Collaboration needed for industry to make the most of data
How do we get the most of the data that we collect as an industry? How do we get “meaningful” measurement? This was the question posed at the recent Sensing in Water conference hosted by the Sensors for Water Interest Group (SWIG).
By Oliver Grievson, Director, Sensors for Water Interest Group (SWIG)
How do we get the most of the data that we collect as an industry? How do we get “meaningful” measurement? This was the question posed at the recent Sensing in Water conference hosted by the Sensors for Water Interest Group (SWIG). The two-day conference highlighted several themes on how to get the best of the data that the water industry collects and how to make our measurements meaningful. Chief among those themes was greater collaboration among the different stakeholders including the water companies, the universities and the supply chain.
The drivers for the use of instrumentation and making measurements meaningful were highlighted in the two keynotes. Despite all of the hard work that the industry has already done, including achieving a 99.96% compliance with drinking water standards, there were still 182 serious, significant or major incidents in 2016 along with a 68% increase in issues between 2012-16. Despite being very good at what we do, there is more work to be done.
The conference also heard about the difficulties of monitoring the environment that we all live in, with the number of samples taken in a year by the Environment Agency creeping into six figures. This, of course, is never enough, and this is where the theme of collaboration comes in. Pressure is being applied to make the testing that is conducted every day more economical whilst maintaining a high level of service. Innovation, using new and more effective sensors, can help here; however, it is through collaboration between all environmental stakeholders and the sharing of data that the biggest efficiencies can be made. It’s a changing world out there and all the different environmental “partners” must now work together for the good of the wider environment.
Throughout the conference there was evidence of the development of new sensor technologies, new ways of working, and collaboration. This ranged from the cutting-edge work that was being done by universities, to companies working together with a large helping of trust to deliver solutions which are typically confined to the laboratory into the field.
An example of this was the use of Boron Doped Diamond (BDD) to deliver more accurate pH measurement. Using diamond to measure pH may seem like overkill, as it is a parameter that we have been measuring perfectly well since the 19th century. However, with the use of material science we can measure with more robustness and more reliability, bringing about more efficiencies in the way that we, as an industry, operate.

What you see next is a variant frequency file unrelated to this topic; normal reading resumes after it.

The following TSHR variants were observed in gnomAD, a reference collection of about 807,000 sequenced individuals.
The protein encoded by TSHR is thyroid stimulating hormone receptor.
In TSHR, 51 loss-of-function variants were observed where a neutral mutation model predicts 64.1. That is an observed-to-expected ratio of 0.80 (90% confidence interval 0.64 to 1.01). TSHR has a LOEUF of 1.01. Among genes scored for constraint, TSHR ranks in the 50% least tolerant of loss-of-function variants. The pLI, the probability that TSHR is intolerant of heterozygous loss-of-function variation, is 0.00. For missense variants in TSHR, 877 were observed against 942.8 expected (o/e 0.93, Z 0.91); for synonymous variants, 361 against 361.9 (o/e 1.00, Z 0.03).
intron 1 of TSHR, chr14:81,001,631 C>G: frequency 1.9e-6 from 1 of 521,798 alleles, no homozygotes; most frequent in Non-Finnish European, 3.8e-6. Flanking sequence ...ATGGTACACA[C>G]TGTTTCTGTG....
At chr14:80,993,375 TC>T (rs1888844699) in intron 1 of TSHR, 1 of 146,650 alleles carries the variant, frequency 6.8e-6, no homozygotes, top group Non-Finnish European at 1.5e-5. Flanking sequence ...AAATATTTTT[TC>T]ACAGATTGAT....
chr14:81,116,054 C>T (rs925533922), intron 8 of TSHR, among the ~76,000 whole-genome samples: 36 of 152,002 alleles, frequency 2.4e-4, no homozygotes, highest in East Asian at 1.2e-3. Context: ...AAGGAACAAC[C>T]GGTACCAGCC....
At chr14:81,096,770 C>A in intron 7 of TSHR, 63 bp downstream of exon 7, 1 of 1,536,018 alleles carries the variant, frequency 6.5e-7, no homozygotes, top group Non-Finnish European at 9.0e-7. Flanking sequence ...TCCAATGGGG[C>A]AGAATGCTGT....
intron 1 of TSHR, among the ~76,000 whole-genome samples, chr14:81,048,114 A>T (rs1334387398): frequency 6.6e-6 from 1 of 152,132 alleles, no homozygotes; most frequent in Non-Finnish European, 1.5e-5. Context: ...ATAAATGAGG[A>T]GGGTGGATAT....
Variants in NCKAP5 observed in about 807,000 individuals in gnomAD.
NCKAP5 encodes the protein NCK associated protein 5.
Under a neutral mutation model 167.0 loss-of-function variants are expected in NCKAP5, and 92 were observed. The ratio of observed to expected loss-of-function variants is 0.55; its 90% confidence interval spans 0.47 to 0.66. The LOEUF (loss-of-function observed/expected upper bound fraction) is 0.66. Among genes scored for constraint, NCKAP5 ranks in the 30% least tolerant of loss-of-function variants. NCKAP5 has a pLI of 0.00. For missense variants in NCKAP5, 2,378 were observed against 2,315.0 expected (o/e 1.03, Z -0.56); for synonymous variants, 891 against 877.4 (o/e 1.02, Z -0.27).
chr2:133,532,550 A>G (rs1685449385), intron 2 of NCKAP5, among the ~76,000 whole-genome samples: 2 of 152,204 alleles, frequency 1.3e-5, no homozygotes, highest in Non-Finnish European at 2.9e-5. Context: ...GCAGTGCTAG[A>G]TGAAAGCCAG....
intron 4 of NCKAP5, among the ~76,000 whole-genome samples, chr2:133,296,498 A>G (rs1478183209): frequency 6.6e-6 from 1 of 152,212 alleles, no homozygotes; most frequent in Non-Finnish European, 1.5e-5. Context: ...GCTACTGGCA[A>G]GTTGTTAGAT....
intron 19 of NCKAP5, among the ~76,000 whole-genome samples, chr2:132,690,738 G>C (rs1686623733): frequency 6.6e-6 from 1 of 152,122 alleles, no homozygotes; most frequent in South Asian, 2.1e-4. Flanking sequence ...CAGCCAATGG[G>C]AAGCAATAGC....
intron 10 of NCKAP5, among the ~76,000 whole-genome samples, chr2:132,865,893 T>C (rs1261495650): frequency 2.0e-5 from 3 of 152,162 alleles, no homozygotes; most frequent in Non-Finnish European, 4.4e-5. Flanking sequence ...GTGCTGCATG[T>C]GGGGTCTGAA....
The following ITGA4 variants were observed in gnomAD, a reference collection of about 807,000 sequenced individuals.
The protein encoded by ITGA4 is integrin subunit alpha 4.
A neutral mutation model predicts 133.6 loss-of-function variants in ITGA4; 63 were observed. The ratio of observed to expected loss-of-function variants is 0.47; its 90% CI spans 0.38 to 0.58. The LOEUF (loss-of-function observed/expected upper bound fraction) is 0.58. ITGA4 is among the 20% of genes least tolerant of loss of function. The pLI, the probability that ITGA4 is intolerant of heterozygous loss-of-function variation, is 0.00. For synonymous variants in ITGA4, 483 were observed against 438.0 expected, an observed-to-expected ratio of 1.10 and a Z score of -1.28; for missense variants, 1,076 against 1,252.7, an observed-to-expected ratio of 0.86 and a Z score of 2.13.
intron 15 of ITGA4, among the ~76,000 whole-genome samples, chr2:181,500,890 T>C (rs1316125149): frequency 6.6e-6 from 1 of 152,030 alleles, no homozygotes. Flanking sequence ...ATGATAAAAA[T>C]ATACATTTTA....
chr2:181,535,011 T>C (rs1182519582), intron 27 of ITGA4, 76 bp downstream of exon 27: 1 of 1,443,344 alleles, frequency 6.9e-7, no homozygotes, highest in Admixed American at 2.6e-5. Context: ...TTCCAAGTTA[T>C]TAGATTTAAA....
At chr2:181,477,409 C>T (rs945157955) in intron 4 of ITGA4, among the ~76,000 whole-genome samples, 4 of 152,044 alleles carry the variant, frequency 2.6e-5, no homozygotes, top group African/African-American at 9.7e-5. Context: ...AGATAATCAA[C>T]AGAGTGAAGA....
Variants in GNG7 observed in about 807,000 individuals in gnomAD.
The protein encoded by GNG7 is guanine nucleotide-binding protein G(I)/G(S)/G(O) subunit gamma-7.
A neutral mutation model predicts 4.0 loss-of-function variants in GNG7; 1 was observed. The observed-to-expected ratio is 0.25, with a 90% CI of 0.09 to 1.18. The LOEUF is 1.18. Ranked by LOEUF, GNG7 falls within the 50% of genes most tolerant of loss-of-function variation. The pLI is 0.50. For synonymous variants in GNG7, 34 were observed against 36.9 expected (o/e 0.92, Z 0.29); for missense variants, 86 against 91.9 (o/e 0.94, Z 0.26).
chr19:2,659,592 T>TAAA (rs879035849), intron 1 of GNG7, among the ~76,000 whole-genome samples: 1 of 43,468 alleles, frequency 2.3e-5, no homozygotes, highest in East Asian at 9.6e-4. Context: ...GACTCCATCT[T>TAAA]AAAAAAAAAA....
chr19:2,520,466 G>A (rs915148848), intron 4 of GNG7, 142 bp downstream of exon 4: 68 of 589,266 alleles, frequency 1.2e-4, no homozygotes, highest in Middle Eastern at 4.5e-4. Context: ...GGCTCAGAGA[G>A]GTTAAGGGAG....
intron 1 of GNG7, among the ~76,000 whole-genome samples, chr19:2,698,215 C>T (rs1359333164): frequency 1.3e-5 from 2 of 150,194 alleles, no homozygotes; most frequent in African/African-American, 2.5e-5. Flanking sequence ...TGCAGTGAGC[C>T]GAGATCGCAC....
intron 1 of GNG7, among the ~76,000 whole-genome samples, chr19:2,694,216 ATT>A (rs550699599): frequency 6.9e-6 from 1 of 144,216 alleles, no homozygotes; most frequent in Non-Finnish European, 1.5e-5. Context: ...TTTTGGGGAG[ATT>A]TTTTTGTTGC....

In the water industry there are challenges and opportunities that affect the industry as a whole, and the case study presented on the subject of metaldehyde was one. The chemical, which is used as a molluscicide, is notoriously difficult to analyse in a laboratory environment let alone online at a treatment works. The case study showed that a collaborative effort with Affinity Water and its supply chain managed to take a laboratory grade analytical method and convert it to an on-line method capable of managing different inputs into the water treatment process with a project that doesn’t require a full-laboratory staff to run it.
As an industry we are entering a world where the treatment process is being asked to operate at increasing complexity, and it is through this type of collaboration that the day-to-day work of managing the water industry to deliver ways of working to assist in this complexity can help the industry to do “business as usual.”
No modern conference in instrumentation is complete without the arbitrary discussion on big data, and managing the data that we gather each day. This year’s Sensing in Water did not disappoint. The current case study in Severn Trent Water looking at their catchments at Spernal & Trimpley is a shining example of the way that the industry can operate. These case studies show that distilling the data that on-line instrumentation collects into useable information allows the way that we operate to be refined – it allows the operating catchment, including the treatment “factory” and associated system, to be managed and operated rather than simply sampled and checked. This allows the factory approach that was originally raised by the Dutch organisation STOWA - where as much of the resource of wastewater is recovered as possible in the most efficient way - to become a reality. All of this happens through the use of instrumentation and data.
Sensing in Water this year showed that instrumentation is a vital tool in the water industry, but we must get the best possible value from the data that we collect. In order to achieve this, collaboration between water companies, academia and the supply chain is absolutely essential.
-Find out more about the work of SWIG at http://www.swig.org.uk/
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